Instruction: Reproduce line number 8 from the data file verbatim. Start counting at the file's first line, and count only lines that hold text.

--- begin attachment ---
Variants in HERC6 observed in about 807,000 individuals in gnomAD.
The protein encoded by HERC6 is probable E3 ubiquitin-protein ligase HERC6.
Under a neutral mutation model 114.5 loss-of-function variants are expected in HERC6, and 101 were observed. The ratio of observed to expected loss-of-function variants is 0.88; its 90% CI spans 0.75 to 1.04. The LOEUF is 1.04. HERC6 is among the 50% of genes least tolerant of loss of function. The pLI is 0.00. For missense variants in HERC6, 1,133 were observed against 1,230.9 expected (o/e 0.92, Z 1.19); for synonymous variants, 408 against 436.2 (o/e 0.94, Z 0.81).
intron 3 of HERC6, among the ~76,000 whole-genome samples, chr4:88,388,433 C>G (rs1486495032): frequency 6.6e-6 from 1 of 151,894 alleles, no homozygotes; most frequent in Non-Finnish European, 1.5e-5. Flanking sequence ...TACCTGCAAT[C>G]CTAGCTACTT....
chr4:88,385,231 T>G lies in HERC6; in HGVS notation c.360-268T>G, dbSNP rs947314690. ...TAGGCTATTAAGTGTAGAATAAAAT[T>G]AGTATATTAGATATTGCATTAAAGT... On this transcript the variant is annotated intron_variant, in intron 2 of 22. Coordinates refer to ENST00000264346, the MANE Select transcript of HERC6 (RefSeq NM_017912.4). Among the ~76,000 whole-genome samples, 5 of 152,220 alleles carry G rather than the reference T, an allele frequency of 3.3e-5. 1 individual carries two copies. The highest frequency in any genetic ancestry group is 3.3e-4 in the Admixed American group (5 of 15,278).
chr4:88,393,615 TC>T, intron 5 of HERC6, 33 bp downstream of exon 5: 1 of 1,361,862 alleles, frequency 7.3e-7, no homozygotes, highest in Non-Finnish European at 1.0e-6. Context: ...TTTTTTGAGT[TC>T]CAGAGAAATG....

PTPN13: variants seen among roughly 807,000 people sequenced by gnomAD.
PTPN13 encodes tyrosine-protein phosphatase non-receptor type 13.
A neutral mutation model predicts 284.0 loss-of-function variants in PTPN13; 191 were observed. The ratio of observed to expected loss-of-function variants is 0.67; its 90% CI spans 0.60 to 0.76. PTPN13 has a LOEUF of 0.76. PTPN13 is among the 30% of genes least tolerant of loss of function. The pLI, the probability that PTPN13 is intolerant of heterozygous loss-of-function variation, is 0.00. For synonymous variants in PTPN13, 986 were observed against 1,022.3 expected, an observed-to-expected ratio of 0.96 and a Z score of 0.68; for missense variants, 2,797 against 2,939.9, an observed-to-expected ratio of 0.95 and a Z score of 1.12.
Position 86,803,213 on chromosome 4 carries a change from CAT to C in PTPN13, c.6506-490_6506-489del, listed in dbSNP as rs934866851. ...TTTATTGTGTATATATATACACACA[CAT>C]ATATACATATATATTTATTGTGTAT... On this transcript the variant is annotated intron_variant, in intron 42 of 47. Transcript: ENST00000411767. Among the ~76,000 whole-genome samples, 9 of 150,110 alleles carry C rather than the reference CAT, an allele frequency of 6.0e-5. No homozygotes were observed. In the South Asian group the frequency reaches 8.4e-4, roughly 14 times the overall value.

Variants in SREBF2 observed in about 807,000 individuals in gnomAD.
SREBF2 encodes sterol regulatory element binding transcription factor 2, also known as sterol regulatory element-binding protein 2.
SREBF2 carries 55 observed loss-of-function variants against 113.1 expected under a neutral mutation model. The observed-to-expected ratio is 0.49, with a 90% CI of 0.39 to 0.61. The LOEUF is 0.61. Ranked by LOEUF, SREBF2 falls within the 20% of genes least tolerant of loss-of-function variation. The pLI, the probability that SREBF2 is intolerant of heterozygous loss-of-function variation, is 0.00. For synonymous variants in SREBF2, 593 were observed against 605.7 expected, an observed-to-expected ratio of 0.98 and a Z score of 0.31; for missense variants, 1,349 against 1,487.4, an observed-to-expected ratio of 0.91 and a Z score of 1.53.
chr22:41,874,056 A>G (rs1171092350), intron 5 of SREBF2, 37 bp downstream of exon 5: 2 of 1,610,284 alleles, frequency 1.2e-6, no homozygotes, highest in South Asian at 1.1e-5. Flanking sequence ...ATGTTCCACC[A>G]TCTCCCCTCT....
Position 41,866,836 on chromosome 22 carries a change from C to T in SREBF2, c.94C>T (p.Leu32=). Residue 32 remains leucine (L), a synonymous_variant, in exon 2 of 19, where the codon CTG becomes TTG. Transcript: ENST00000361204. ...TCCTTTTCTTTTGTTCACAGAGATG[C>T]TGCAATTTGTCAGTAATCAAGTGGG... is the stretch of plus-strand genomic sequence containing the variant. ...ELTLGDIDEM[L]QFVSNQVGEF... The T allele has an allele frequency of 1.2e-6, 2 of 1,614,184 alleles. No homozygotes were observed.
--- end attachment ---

PTPN13 encodes tyrosine-protein phosphatase non-receptor type 13.